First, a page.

Young condors test their wings<br>

“I think it is important to reiterate that number 342 left the nest cave on its own beyond a doubt,” said Fairchild. “It did not slip and was not forcefully fledged by an outside source. It flew because of its own desire to do so.”

Condor chick 350, which also hatched in mid-May, fledged successfully on Thursday, Nov. 22 at 4:46 p.m. The fledging was witnessed by Chad Olsen and Fairchild.

“What an amazing first flight!” said Olsen, a raptor biologist for the park. “Unlike the chick that fledged last year, this chickmanaged to glide a long way and just about landed on the cliff face, which would have been an incredible feat considering the sheerness of the cliff. This was definitely the best Thanksgiving I could have ever imagined.”

This is the second consecutive year in which wild California condors have hatched and fledged in Arizona since releases began in 1996, bringing the total of free-flying condors in Arizona to 49. Last year, a male condor fledged at Grand Canyon – the first fledging of a wild-hatched chick in more than 20 years. On Nov. 4, a condor fledged near Hopper Mountain National Wildlife Refuge, the first fledging in California since the endangered birds were brought into captivity for their protection and to initiate a captive breeding and release recovery program.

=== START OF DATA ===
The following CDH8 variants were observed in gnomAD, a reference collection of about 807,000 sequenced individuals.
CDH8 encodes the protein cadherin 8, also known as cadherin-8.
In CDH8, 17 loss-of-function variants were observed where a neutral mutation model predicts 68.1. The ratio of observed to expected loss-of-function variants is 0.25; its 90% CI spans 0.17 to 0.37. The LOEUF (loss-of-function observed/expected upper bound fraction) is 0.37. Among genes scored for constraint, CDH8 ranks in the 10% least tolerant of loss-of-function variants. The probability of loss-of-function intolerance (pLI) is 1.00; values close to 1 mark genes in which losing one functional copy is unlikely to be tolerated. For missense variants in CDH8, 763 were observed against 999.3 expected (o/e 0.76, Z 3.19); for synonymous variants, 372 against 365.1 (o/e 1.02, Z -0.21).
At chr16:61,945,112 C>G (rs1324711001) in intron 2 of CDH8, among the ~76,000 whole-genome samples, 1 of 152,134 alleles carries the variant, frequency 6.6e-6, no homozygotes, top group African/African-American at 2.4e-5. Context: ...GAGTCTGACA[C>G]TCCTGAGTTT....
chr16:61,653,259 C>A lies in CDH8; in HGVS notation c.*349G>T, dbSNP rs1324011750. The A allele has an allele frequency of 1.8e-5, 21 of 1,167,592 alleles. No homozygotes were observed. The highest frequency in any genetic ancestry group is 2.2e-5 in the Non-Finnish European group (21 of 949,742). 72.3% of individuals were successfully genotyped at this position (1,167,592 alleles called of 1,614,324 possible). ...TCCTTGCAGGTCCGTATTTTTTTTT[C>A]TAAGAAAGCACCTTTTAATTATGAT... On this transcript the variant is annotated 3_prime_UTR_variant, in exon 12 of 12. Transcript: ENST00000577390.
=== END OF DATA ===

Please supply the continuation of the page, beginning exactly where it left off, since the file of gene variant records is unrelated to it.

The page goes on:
As the largest flighted bird in North America, with a wingspan reaching up to nine and a half feet, condors typically fledge full-grown at about six months of age; however juvenile condors may be dependent on their parents for more than a year. They typically don’t reach reproductive maturity until they are five to eight years old.

The California condor was included on the first Federal Endangered Species List in 1967 and is currently one of the most endangered birds in North America.

In mid-December, between 10 and 14 captive-bred condors will be transported from the World Center for Birds of Prey in Boise, Idaho, to the release site at Vermilion Cliffs. These birds will be held in the release pen for three to 12 months to ready them for survival in the wild.

Regular updates on the California Condor Restoration Project in the southwest are provided in the Notes from the Field section of The Peregrine Fund’s Web site at www.peregrinefund.org.

The historic Arizona reintroduction is a joint project between the Peregrine Fund, the Arizona Game and Fish Department, U.S. Fish and Wildlife Service, Bureau of Land Management, National Park Service, Southern Utah’s Coalition of Resources and Economics and numerous other partners.

Funding for the project is provided by The Peregrine Fund, U.S. Fish and Wildlife Service, Peter Pfendler, National Fish and Wildlife Foundation, Charles Engelhard Foundation, Arizona Fish and Game, Steve Martin and the Toledo Zoo, the Steele-Reese Foundation, Disney Wildlife Conservation Awards, Kearny Alliance, Patagonia, Philadelphia Foundation, S. Byers Trust, Globe Foundation, Conni Pfendler, Philanthropic Collaborative, Earth Friends, Steve Hoddy, Grand Canyon Conservation Fund, Arizona Bureau of Land Management and others.

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